"The intercommunications don't exist to get the data from where they now live into this central format and back out again to the physicians and nurses who would use them," James says.
Neupert agrees. "Hospitals, data devices, pharmacies, labs--we need to connect them all because the current situation is just too fragmented and siloed." As a starting point for pulling together data, Microsoft says it is working with 40 partners, including the New York-Presbyterian Hospital, the Mayo Clinic, Johnson & Johnson and the American Heart Association, to provide content and applications for the sites. It also is working with device companies on applications that will allow readings to move directly from a range of diagnostic instruments--such as blood pressure cuffs and diabetic glucose monitors--to HealthVault.
Microsoft argues that HealthVault can avoid the countless security problems that have afflicted its operating systems. "It's an apples and oranges comparison," he asserts. "It's a lot easier for us to manage a service for reliability, security and privacy than it is to manage hundreds of millions of distributed personal computers." Microsoft is working with two hacker organizations to test the security of its system.
Although HealthVault will be free for consumers, this is no philanthropic effort. Microsoft hopes HealthVault will translate into more search revenues through targeted health-related ads. The site includes an improved online search that uses a machine-learning algorithm to help consumers search through articles on health issues by breaking broad topics into concrete subcategories.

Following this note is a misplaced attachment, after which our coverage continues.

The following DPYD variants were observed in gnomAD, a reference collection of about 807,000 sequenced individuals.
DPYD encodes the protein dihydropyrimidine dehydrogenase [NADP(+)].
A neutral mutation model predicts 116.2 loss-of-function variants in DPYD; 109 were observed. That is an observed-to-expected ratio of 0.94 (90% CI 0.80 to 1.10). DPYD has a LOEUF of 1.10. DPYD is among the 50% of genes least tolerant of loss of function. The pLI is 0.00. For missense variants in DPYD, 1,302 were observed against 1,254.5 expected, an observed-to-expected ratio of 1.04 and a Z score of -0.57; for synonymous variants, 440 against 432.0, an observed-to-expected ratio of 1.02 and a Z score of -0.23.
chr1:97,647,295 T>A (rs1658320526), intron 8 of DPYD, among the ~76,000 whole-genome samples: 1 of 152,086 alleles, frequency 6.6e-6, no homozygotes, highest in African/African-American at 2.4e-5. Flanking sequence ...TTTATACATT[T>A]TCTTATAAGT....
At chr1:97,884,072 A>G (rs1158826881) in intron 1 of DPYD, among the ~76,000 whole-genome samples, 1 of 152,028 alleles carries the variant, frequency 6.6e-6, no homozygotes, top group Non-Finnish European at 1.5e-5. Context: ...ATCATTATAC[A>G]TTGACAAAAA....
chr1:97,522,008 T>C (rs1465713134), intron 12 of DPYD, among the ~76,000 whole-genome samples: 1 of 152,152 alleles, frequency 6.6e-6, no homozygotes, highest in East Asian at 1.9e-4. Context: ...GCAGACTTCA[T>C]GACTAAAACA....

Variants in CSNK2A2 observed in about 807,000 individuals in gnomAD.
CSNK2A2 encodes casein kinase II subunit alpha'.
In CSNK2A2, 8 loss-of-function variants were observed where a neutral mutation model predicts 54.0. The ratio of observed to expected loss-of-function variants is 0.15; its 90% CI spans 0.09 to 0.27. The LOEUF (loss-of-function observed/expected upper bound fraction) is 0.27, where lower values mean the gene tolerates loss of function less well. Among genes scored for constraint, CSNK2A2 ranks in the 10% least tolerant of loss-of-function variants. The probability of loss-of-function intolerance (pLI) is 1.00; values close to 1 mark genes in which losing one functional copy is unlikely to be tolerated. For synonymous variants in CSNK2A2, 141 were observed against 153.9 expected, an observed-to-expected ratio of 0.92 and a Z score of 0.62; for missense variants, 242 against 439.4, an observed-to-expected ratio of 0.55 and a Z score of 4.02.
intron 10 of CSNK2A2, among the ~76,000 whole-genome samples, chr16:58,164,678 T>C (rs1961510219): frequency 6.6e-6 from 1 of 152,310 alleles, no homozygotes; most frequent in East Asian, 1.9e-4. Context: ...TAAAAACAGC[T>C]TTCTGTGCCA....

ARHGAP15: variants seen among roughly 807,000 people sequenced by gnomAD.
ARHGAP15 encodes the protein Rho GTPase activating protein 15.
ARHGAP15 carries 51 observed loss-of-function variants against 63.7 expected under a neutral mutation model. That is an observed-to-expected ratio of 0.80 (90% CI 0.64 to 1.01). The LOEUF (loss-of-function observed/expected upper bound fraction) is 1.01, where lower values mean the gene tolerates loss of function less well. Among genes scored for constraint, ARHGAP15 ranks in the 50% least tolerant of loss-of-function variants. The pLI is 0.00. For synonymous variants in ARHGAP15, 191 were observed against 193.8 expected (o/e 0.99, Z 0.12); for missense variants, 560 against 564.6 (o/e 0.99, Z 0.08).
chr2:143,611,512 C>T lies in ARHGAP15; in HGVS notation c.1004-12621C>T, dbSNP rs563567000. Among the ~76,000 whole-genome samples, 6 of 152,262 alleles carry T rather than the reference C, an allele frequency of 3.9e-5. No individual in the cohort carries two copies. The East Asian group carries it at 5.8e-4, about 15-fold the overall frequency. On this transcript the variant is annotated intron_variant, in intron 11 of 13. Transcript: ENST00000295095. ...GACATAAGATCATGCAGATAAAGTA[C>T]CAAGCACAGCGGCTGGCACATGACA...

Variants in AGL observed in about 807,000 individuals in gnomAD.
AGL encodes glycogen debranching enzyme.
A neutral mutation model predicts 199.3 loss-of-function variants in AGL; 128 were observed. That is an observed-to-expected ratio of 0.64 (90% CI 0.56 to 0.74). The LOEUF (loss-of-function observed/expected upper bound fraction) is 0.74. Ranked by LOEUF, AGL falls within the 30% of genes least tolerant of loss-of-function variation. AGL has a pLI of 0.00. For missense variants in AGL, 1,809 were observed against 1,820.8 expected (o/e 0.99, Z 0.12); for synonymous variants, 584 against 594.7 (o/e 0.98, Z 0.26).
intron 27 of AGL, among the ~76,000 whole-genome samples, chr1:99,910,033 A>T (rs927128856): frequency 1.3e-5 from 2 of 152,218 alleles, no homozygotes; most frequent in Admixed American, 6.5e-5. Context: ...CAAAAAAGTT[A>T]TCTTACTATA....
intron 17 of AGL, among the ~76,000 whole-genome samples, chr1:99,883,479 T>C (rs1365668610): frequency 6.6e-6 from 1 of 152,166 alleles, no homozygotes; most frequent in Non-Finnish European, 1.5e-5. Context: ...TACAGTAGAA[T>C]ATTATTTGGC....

"By providing a great health search experience, we will actually improve the search loyalty of Microsoft overall," says Sean Nolan, the Microsoft programmer who designed the site. He admits though that moving into the medical record arena "is a huge crazy challenge." Among other issues, Microsoft will have to tiptoe the line between assuring people their information is private--and serving up advertisements relevant to the health problems they have.
James says Microsoft's move into health care is reminiscent of dot-com companies who tried to develop medical records in the 1990s and stalled because they didn't control the data. "It is the same old great idea but the devil is in the details," he says. At least Microsoft has lots of money and technical expertise, he says.
Neupert says the potential "life-saving benefits" of a good electronic records system are worth the business risks. He ticks off what Microsoft needs to make the system real: Sign up medical partners who can start providing patient data, put privacy principles in place, work with hackers to test the system and so on. It's a long list.
The one virtue that even its critics concede to Microsoft is patience. It will need it.